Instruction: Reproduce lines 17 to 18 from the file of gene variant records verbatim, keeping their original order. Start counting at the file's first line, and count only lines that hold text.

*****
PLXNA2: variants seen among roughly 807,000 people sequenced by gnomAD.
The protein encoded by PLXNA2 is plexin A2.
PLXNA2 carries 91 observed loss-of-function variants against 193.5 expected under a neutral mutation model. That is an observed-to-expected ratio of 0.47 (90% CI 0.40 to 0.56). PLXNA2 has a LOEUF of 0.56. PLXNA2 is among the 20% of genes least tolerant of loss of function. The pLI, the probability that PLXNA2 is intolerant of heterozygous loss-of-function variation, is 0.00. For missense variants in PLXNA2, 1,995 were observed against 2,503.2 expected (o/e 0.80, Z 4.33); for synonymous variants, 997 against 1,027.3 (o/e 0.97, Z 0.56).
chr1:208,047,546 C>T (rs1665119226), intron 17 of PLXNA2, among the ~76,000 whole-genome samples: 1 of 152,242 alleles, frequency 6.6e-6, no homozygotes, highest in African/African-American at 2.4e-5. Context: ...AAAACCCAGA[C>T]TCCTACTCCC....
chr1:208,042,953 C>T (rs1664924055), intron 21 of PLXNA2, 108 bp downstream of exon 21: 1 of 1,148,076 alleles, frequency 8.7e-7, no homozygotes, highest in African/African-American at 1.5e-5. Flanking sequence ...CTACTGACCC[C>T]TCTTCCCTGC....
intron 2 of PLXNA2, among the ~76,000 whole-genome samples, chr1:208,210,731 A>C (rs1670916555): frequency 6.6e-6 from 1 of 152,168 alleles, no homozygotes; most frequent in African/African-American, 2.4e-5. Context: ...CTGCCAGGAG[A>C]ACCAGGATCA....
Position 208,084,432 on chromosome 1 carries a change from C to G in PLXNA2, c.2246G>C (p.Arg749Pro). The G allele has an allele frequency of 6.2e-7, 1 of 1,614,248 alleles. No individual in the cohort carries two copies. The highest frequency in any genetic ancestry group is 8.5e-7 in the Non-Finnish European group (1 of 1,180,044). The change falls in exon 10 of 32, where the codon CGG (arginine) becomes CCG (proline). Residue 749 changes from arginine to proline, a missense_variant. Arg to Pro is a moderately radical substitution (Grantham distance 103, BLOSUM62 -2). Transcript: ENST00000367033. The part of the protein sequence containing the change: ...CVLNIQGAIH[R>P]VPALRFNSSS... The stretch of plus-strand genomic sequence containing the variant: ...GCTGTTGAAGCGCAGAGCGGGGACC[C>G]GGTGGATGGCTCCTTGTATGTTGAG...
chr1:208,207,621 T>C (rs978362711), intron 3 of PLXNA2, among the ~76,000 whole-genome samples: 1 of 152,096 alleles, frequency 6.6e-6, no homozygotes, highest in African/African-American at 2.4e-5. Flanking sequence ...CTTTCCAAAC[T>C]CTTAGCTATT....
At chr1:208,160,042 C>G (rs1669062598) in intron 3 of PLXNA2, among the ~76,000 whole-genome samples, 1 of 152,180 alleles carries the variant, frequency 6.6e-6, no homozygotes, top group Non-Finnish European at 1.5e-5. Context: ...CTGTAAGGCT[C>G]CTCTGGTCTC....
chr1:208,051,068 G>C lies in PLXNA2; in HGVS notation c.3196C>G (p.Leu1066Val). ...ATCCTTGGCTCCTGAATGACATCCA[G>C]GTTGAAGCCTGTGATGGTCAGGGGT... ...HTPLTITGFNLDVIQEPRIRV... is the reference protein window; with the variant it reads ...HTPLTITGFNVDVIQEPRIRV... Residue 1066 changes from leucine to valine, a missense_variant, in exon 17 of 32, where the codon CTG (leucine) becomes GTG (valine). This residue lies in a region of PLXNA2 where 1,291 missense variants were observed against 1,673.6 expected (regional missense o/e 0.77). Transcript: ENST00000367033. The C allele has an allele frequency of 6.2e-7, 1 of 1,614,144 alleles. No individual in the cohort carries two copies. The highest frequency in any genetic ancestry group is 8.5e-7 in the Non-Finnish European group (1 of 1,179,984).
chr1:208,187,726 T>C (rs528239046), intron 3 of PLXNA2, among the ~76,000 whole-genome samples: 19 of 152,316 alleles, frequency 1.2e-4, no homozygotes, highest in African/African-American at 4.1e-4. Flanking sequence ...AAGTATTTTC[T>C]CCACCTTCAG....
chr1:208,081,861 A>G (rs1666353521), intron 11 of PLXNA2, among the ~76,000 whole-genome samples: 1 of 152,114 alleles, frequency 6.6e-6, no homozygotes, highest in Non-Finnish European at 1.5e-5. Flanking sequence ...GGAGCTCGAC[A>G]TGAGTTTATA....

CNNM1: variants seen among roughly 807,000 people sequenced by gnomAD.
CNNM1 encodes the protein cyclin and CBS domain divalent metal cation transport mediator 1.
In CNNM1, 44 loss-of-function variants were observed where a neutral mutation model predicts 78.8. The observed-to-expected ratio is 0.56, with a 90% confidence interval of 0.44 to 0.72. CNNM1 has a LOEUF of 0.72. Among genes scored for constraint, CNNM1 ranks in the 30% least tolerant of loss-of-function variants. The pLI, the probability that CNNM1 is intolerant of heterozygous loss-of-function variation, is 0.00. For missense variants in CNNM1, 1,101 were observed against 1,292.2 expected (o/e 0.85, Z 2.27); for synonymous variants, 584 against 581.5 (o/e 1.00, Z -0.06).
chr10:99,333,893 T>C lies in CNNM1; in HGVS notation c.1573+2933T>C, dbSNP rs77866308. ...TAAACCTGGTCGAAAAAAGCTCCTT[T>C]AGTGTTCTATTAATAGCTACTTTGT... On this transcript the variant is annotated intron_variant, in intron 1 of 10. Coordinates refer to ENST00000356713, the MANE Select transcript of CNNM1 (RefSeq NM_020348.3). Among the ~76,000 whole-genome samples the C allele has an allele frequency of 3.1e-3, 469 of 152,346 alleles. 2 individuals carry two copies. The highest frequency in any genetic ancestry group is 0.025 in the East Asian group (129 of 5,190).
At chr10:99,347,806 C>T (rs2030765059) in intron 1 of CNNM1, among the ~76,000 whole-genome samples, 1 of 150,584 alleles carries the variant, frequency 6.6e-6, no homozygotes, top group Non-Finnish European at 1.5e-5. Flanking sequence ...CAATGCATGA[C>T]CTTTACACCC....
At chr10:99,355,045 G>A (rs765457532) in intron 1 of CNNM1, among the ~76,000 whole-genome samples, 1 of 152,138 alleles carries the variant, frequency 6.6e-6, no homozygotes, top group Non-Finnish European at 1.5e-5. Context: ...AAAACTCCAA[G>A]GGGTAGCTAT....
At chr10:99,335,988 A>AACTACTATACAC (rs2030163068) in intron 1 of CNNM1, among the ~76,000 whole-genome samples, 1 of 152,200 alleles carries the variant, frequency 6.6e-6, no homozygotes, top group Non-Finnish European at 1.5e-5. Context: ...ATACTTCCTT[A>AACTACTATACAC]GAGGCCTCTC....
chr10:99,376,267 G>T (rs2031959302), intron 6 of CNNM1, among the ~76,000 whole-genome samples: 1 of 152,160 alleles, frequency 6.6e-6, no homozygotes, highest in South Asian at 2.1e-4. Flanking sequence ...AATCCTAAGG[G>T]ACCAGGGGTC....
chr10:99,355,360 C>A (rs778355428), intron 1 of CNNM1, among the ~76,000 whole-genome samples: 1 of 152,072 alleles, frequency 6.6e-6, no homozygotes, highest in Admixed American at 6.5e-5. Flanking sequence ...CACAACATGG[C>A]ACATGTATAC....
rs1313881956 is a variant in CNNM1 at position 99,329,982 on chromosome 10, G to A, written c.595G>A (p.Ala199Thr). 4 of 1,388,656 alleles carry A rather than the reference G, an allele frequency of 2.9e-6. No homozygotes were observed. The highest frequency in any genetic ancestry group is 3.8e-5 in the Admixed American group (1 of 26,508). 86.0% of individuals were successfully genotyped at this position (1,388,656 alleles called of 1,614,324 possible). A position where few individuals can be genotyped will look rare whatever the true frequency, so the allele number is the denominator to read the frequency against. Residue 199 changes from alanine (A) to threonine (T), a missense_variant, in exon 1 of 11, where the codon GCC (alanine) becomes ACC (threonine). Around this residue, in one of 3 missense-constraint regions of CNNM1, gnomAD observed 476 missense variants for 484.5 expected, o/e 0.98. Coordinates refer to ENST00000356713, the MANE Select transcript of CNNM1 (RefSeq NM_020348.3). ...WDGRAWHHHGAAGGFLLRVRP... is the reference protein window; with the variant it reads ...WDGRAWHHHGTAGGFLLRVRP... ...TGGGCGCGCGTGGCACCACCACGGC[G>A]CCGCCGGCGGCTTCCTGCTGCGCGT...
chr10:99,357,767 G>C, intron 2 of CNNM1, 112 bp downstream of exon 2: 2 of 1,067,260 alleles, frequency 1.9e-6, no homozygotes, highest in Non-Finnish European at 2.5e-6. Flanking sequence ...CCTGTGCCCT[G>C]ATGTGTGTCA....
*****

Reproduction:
At chr10:99,347,806 C>T (rs2030765059) in intron 1 of CNNM1, among the ~76,000 whole-genome samples, 1 of 150,584 alleles carries the variant, frequency 6.6e-6, no homozygotes, top group Non-Finnish European at 1.5e-5. Flanking sequence ...CAATGCATGA[C>T]CTTTACACCC....
At chr10:99,355,045 G>A (rs765457532) in intron 1 of CNNM1, among the ~76,000 whole-genome samples, 1 of 152,138 alleles carries the variant, frequency 6.6e-6, no homozygotes, top group Non-Finnish European at 1.5e-5. Context: ...AAAACTCCAA[G>A]GGGTAGCTAT....